Jeff Timmer 7:21
If the polls close at eight o’clock on election day, it seems that the dropboxes should close at eight o’clock on election day. This isn’t complicated. They’re only making it complicated, because their motives are impure, let’s call it what it is. And they’re trying to prevent people from voting, they’re trying to prevent people who vote in certain areas from voting. And this, this gets at the larger problem. You know, rather than some of the nuts and bolts of each one of these bills, their their motive overall is to put their thumb on the scale in the next election to give themselves some benefit and latitude that they feel they lacked in the last one to to manipulate who voted prior to election day who was able to participate. And then to manipulate the certification and counting process after the polls close rather than who wins the most votes. If something is simple and fundamental to our Democratic Republican is who gets the most votes, wins the election. If now we have to rely on which party controls the state capitol and Lansing to determine the winner we’re headed in a in a illiberal authoritarian direction. And I’m going to do whatever I can and I know you are too and I think our listeners and most people in Michigan the sizable majority of voters do not want to make these changes. And so the Republicans are heading in the wrong direction. And we’re going to pursue recalls against the those who are intent on walking this plank.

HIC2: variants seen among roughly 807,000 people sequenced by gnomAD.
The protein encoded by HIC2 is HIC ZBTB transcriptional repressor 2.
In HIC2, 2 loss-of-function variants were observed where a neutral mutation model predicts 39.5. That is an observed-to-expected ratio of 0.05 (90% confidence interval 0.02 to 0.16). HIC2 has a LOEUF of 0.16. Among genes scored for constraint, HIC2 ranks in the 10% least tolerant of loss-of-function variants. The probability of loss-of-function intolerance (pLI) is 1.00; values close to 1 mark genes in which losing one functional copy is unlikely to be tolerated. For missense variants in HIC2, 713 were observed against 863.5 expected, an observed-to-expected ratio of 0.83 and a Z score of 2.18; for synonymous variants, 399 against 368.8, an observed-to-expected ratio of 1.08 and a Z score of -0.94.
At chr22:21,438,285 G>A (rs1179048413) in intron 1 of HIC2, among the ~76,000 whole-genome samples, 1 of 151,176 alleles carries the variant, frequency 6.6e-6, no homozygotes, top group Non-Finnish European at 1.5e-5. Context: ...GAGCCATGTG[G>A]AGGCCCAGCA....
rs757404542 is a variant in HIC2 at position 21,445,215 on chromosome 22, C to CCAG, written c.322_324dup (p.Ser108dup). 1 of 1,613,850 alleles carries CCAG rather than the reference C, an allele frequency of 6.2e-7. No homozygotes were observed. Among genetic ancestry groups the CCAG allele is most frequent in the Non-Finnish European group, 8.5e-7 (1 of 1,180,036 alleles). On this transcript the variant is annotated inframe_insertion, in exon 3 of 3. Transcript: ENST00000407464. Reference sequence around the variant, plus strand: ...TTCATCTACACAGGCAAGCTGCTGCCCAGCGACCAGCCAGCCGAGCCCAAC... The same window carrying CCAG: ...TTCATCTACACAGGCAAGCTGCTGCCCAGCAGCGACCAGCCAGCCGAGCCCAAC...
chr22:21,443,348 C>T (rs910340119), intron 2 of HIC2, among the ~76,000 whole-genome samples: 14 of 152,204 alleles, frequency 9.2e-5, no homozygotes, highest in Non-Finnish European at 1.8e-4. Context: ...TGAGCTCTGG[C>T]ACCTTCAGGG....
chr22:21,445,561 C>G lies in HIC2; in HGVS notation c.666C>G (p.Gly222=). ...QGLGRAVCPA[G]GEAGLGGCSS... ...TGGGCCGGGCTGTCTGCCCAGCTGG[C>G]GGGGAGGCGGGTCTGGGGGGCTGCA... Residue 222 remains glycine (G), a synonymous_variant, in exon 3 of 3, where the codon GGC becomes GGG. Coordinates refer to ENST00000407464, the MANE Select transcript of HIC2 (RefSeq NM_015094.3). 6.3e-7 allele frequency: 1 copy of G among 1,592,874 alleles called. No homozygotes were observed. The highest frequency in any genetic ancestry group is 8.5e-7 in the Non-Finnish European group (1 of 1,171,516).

Mark Brewer 8:54